Night after night, you dream of her. Anna. But... they're not dreams, they're nightmares. And now, you find yourself staring at the very house you see each night in your sleep. This isn't a dream, but it isn't quite real, either. Welcome to the haunting world of Anna, a first person horror adventure game by Dreampainters that will leave you too frightened to turn your back on a dark corner for the rest of the night.
Anna plays out from a typical first person perspective, allowing you to freely move and look about each area. To interact with or examine things, simply click when the cursor changes to a small target. If the cursor switches to a hand, hold the right mouse button and drag to manipulate the object you've just taken hold of. The inventory can be accessed by a middle click on your mouse, and from there you can combine items, examine them, or grab them to assist you in solving a puzzle or two.
Things move at a slow sort of pace in Anna, presenting you with a handful of things to examine at once while challenging you to not only be observant, but to be curious, too. Take a closer look at everything you see, try to pick up objects even if they don't seem so portable. You never know when a short scene will be triggered or what effect your actions will have on the broken, frightening world around you.
Analysis: Anna isn't the sort of game that flings zombies at you from behind barred doors or splashes screaming faces on the screen when you're focusing on a puzzle. This is a much more subtle and insidious type of horror game, the kind that can really get under your skin and haunt you deep inside. The story and setting lay the groundwork for the spookiness, putting you in a world that isn't quite real and gets even less real as it progresses. And as you discover more of the story behind this house you're in, you start to feel like you're in a very unsafe place. But you can't get out, you can only go forwards. Yipe.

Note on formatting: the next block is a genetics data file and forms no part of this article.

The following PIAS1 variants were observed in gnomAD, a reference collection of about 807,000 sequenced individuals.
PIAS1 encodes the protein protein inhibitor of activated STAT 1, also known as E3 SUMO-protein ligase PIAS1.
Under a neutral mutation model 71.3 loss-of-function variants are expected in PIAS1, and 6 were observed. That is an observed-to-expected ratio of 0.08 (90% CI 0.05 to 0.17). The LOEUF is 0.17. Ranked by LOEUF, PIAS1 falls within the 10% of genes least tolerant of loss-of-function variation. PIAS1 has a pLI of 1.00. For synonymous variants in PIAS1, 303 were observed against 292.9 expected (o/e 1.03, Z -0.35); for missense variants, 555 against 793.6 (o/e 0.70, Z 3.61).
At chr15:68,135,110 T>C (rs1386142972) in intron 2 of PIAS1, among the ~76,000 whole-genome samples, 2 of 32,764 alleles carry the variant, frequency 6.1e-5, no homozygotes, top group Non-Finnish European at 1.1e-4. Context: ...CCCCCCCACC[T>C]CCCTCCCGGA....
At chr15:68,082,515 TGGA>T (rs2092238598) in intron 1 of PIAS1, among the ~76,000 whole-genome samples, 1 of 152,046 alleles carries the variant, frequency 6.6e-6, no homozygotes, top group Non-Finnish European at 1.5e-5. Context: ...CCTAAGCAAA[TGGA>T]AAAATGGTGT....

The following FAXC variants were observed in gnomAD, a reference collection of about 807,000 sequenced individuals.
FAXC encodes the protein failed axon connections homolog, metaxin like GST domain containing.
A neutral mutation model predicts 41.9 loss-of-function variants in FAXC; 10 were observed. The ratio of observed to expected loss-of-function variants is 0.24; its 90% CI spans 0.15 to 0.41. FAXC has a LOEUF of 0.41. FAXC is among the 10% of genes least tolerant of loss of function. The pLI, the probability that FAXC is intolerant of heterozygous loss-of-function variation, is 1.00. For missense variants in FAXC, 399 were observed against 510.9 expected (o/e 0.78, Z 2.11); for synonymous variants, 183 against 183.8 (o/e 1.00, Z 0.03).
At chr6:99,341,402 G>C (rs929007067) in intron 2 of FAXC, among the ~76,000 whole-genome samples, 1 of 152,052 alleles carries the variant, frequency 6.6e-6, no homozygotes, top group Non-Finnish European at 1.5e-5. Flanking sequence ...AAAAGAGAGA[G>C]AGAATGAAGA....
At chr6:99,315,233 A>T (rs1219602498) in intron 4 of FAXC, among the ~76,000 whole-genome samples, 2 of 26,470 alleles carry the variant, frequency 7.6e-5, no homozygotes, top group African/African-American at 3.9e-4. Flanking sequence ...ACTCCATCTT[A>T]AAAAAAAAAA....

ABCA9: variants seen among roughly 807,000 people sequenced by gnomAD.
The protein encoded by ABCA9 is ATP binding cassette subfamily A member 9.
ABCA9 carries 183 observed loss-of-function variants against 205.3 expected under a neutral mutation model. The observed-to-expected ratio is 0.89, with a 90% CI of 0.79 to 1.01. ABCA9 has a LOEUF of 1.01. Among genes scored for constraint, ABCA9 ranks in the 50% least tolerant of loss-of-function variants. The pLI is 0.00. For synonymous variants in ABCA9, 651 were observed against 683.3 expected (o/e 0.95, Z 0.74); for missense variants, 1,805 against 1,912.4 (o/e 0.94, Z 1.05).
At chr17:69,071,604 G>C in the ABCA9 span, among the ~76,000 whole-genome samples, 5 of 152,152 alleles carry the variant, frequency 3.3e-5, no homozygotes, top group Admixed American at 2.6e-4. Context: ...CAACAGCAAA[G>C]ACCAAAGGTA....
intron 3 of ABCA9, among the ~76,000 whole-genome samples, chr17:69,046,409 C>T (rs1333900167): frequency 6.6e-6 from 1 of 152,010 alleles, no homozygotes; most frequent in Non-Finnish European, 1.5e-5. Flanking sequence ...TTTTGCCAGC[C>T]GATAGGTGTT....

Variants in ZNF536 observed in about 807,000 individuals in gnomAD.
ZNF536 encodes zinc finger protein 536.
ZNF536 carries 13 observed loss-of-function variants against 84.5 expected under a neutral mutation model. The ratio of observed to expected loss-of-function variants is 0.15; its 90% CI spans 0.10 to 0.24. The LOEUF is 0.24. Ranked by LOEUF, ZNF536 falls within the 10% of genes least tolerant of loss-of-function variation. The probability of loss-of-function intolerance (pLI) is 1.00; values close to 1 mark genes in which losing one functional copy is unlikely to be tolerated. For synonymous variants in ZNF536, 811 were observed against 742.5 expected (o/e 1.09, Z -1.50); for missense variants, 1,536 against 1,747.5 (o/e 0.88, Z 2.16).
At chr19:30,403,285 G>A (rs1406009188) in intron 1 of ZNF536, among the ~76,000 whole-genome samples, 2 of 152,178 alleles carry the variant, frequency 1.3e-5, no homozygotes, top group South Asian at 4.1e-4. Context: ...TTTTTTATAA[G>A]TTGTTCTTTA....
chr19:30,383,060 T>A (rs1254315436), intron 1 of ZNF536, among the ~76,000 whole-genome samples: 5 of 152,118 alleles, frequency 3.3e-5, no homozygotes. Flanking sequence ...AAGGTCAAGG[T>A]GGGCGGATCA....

What Anna gets oh so right in terms of atmosphere and puzzle design, it tends to skip over some of the more invisible aspects, namely the interface. While moving around is smooth enough, any time you want to use an inventory item or interact with a piece of scenery, it feels as if you have to click more than you shouls. No keyboard shortcuts to be found, just slow mouse menus that many similar games have replaced with button combinations. It's an awkward barrier when you first start the game, and even a little ways in you'll find it somewhat frustrating. But eventually it all sinks in, slowing down your pace and actually adding to the deliberate, haunting nature of the game.
One of the more curious aspects of Anna is that it features three possible endings, each depending upon how mad your character is at the end of the game. In other words, the more paranoid and frightened you get, the less appealing your ending may be. This means you'll probably want to play through the game multiple times to get the different endings, bumping up the total play time to around six hours or so.
An incredibly chilling game with a story and setting to match, Anna is a superb indie horror game that's best played with the lights on. And friendly people in the house to watch your back.
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